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In addition to running the Polyamory label with Tovah O’Rourke, James Toth was the leader of New York-based avant-garde/freak folk ensemble Wooden Wand & the Vanishing Voice. Taking the first part of that name as his own — and occasionally billing himself as “Wooden Wand Jehovah” — Toth gathered at one point or another O’Rourke (who also comprised Dead Machines with her husband, Wolf Eyes’ John Olson), Satya Sai, Glucas Crane, Steven the Harvester, and Heidi Diehl. There were others, too — the Vanishing Voice lineup shifted as much as its members’ various aliases. The sounds the group made were fluid, too, incorporating everything from the ’60s mysticism of Donovan and Van Morrison to free jazz, /p>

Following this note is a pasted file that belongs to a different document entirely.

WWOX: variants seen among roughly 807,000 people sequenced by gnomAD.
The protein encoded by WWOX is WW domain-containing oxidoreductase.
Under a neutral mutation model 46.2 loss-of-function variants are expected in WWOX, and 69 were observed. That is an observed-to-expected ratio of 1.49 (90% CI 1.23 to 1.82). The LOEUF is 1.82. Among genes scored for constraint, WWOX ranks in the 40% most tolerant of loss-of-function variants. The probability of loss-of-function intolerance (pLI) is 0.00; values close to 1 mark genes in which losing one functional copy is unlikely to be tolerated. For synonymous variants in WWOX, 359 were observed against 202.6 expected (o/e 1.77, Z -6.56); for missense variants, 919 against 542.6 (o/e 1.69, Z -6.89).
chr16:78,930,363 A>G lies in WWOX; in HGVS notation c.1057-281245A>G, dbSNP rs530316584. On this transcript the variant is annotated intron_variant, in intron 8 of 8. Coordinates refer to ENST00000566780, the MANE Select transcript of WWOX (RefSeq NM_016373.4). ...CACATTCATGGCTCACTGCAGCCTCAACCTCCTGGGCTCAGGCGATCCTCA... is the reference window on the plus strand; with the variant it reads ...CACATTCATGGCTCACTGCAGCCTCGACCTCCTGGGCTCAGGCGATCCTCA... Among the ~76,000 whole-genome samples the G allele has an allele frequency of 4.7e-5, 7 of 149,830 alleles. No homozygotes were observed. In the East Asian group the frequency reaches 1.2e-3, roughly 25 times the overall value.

oise rock, folk raditionals, and the entire Silt Breeze catalog. Wooden Wand & the Vanishing Voice released numerous CD-R and vinyl recordings into the indie folk/experimental underground during the early 2000s; they were also responsible for relatively more conventional releases like 2003’s Xiao (Destijl, later reissued by Troubleman Unlimited), 2004’s Sunset Sleeves (Weird Forest), and Buck Dharma, issued in September 2005 through 5 Rue Christine. That same year Toth released Harem of the Sundrum & the Witness Figg simply as Wooden Wand. The recording’s skeletal folk structures and evocative lyrics garnered quite a bit of positive press, especially in the wake of Devendra Banhart’s success. The band released two albums in 2006, Gipsy Freedom and Second Attention. 2007 saw the release of James and the Quiet, followed in 2009 by Hard Knox, a collection of demo and home recordings under the moniker Wand.


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